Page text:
Marijuana Business Magazine January 2020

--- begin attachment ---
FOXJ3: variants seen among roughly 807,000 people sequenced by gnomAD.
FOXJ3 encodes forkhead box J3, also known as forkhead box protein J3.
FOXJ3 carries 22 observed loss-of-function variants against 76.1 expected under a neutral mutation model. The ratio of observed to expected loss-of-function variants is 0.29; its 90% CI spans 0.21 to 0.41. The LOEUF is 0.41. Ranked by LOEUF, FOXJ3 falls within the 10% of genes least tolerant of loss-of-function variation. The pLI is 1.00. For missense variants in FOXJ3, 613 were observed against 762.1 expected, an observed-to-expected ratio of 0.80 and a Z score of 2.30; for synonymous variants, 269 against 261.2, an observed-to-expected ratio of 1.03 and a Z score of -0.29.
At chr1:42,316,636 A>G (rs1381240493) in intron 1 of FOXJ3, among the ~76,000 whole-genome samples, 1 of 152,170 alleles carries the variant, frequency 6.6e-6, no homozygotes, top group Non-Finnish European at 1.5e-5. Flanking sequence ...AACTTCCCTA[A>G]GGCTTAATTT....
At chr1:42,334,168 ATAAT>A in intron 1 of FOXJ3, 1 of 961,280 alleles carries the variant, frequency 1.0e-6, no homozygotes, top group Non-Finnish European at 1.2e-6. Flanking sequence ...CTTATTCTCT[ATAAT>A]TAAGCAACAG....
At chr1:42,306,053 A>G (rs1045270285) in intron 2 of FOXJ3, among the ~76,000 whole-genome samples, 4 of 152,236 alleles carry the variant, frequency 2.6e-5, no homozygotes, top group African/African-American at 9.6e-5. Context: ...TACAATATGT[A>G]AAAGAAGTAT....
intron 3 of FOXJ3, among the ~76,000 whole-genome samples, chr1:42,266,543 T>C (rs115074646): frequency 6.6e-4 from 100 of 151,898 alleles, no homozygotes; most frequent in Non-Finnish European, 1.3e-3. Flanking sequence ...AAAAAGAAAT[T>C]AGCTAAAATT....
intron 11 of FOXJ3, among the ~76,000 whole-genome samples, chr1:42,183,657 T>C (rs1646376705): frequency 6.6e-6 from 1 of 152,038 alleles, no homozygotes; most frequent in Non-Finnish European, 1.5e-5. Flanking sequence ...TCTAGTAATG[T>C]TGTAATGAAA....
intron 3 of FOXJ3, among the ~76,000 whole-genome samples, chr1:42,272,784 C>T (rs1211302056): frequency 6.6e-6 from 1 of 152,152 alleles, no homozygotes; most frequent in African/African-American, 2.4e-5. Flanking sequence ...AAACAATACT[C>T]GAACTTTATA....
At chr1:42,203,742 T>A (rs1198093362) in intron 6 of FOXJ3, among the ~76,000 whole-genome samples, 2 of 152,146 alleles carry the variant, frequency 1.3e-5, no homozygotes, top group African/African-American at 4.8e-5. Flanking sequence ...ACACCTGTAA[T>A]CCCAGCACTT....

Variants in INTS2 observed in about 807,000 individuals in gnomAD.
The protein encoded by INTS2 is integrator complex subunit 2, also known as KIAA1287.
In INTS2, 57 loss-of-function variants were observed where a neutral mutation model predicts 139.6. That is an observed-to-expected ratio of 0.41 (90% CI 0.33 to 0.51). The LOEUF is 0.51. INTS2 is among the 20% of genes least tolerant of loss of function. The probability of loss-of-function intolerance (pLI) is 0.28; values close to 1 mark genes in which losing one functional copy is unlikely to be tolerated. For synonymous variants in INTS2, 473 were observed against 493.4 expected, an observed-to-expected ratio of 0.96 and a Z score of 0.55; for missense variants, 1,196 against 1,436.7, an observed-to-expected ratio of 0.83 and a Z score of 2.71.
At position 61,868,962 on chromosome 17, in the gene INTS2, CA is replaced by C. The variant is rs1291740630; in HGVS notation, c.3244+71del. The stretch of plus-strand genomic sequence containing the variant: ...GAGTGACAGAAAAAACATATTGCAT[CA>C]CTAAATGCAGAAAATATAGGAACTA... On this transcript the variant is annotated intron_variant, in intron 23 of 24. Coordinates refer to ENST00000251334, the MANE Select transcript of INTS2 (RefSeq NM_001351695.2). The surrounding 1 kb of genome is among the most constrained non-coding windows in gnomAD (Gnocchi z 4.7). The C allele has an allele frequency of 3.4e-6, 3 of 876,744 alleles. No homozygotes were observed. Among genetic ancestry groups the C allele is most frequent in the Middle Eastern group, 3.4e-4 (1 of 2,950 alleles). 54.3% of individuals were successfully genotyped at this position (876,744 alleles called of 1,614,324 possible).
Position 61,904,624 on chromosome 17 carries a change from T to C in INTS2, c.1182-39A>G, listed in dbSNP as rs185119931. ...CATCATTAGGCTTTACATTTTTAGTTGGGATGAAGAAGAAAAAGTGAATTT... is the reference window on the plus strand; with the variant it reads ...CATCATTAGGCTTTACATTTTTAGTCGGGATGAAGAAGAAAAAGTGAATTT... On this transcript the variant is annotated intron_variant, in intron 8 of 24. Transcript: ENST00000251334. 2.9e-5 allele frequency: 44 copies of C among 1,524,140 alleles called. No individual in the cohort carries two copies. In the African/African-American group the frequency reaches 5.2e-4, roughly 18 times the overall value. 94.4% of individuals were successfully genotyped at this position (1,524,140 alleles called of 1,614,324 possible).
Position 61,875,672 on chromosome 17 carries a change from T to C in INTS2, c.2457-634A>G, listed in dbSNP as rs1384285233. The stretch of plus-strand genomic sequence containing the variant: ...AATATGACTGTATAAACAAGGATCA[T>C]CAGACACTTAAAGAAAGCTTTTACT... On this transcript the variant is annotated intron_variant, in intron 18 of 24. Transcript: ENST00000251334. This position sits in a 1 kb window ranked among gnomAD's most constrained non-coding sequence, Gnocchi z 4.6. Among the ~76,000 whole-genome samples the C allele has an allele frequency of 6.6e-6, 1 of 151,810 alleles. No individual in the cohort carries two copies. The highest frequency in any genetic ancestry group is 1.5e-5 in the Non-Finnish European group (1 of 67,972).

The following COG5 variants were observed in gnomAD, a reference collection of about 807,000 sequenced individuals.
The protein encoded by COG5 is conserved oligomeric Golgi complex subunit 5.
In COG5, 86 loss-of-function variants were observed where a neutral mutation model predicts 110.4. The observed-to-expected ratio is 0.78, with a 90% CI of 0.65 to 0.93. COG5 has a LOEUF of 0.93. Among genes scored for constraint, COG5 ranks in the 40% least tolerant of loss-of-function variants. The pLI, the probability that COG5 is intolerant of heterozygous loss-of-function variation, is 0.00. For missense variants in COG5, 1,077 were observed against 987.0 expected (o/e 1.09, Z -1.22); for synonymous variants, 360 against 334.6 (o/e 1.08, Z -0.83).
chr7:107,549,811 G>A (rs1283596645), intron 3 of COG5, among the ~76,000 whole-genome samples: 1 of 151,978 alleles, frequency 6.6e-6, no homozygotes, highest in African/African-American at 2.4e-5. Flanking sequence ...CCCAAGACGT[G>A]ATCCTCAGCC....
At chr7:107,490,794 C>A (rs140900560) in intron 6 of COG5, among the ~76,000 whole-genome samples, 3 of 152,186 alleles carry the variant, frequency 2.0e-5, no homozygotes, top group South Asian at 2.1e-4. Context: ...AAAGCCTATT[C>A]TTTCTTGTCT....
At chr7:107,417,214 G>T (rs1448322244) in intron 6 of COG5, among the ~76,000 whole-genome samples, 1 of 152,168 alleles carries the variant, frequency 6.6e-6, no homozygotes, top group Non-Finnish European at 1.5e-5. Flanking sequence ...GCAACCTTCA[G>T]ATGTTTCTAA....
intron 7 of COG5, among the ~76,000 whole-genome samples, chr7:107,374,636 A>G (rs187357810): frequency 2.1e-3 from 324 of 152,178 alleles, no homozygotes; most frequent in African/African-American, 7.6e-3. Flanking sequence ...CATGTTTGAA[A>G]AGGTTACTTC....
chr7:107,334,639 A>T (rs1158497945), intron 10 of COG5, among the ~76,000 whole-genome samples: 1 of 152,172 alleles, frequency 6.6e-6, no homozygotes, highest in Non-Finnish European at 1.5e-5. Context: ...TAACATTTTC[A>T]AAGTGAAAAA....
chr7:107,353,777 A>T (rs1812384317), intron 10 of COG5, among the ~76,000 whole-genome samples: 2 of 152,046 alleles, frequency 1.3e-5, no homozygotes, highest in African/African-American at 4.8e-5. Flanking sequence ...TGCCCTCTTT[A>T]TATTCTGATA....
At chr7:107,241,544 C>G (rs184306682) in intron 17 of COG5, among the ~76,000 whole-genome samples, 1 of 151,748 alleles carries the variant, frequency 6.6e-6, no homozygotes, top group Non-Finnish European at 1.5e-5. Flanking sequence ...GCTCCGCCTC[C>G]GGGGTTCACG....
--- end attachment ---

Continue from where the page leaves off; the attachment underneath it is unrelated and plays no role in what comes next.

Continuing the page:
Marijuana Business Magazine | January 2020 84 operational company I know—and most ancillary companies—don’t raise enough capital or have enough runway to get to cash-flow positive. “Have another three to six months (of capital set aside)” to cover the cost of operations, including staff salaries, Easley suggested. 4 CROSS-TRAIN EMPLOYEES. Another cost-cutting step that could save jobs down the line is to train staffers to do more than a single job, said Avis Bulbulyan, the CEO of California-based Siva Enterprises. “As the employer, cross-train a lot of employees in multiple job functions. So, as an employee, if you outgrow one job, here’s another opportunity,” Bulbulyan said. “One employee can make up two positions.” That advice is especially applicable to unskilled positions, but it also fits higher-level jobs, depending on the company and the roles that need filling, Bulbulyan said. For instance, he said, an unskilled budtender at a retail shop could also be trained to serve as a purchasing manager, or unskilled trimmers at a grow also could be taught to mix nutrients or handle clones. Not only could such overlap save a company from having to impose layoffs, it also makes the workforce more flexible. 5 LOOK FOR THIRD-PARTY CONTRACTORS. Yet another option is to avoid hiring for some positions to begin with, Rogoway said. Employing contractors is often cheaper than having to hire a full-time staffer for, say, marketing or accounting or another area that could have some crossover with other industries. That allows a company to save on expenses such as health insurance and other employee benefits. California-based MedMen Enterprises, a multistate marijuana operator, announced in November it would lay off more than 190 employees. In December, the company issued layoff notices to an additional 20% of its corporate-level employees. California distributor Flow Kana disclosed in November that it reduced its workforce by about a fifth, although the company didn’t disclose the exact number of employees involved. California-based CannaCraft, which runs several retail shops and distributes multiple well-known marijuana brands, said in November that it laid off 40 employees, or about 16% of its staff. Grupo Flor, a California company that runs multiple cannabis storefronts as well as cultivation operations, disclosed in November that it let go 30 employees, or around 35% of its workforce. Canadian cannabis producer Hexo said it laid off about 200 employees in October. California-based marijuana tech company Weedmaps announced in October it laid off more than 100 employees, or 25% of its workforce. Pax Labs, a California vape manufacturer, said in October it issued pink slips to 65 workers. California delivery technology firm Eaze said in October it laid off 36 employees, or 20% of its workforce. Embattled Canadian producer CannTrust announced in September it let go of about 180 workers, or 20% of its workforce. Canndescent, a commercial cultivator based in Desert Hot Springs, California, laid off 16 employees in September and froze hiring for an additional six positions. Below are some of the job cuts that U.S. and Canadian companies have announced in recent months:

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